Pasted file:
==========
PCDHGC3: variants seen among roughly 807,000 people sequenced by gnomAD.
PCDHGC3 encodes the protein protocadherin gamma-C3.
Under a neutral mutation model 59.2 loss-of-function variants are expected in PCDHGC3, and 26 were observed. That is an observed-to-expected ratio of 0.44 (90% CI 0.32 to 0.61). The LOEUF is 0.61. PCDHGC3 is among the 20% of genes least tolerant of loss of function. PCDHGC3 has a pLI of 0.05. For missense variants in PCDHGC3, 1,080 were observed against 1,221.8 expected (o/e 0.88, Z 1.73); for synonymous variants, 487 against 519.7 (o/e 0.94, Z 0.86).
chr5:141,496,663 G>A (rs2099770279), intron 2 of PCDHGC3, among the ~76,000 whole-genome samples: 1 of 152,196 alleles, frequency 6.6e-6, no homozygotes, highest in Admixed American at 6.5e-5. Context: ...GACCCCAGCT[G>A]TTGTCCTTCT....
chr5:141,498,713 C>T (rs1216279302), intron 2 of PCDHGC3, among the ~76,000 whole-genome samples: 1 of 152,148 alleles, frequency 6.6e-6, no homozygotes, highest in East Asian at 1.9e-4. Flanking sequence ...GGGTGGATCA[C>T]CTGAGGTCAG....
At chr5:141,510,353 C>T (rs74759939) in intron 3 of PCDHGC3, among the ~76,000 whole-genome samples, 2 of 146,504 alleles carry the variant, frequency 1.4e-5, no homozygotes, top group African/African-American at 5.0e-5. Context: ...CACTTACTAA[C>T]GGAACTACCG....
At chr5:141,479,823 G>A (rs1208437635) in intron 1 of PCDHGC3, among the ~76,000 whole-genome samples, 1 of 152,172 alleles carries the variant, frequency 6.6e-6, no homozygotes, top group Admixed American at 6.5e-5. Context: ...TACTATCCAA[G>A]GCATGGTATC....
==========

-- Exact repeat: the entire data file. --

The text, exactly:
PCDHGC3: variants seen among roughly 807,000 people sequenced by gnomAD.
PCDHGC3 encodes the protein protocadherin gamma-C3.
Under a neutral mutation model 59.2 loss-of-function variants are expected in PCDHGC3, and 26 were observed. That is an observed-to-expected ratio of 0.44 (90% CI 0.32 to 0.61). The LOEUF is 0.61. PCDHGC3 is among the 20% of genes least tolerant of loss of function. PCDHGC3 has a pLI of 0.05. For missense variants in PCDHGC3, 1,080 were observed against 1,221.8 expected (o/e 0.88, Z 1.73); for synonymous variants, 487 against 519.7 (o/e 0.94, Z 0.86).
chr5:141,496,663 G>A (rs2099770279), intron 2 of PCDHGC3, among the ~76,000 whole-genome samples: 1 of 152,196 alleles, frequency 6.6e-6, no homozygotes, highest in Admixed American at 6.5e-5. Context: ...GACCCCAGCT[G>A]TTGTCCTTCT....
chr5:141,498,713 C>T (rs1216279302), intron 2 of PCDHGC3, among the ~76,000 whole-genome samples: 1 of 152,148 alleles, frequency 6.6e-6, no homozygotes, highest in East Asian at 1.9e-4. Flanking sequence ...GGGTGGATCA[C>T]CTGAGGTCAG....
At chr5:141,510,353 C>T (rs74759939) in intron 3 of PCDHGC3, among the ~76,000 whole-genome samples, 2 of 146,504 alleles carry the variant, frequency 1.4e-5, no homozygotes, top group African/African-American at 5.0e-5. Context: ...CACTTACTAA[C>T]GGAACTACCG....
At chr5:141,479,823 G>A (rs1208437635) in intron 1 of PCDHGC3, among the ~76,000 whole-genome samples, 1 of 152,172 alleles carries the variant, frequency 6.6e-6, no homozygotes, top group Admixed American at 6.5e-5. Context: ...TACTATCCAA[G>A]GCATGGTATC....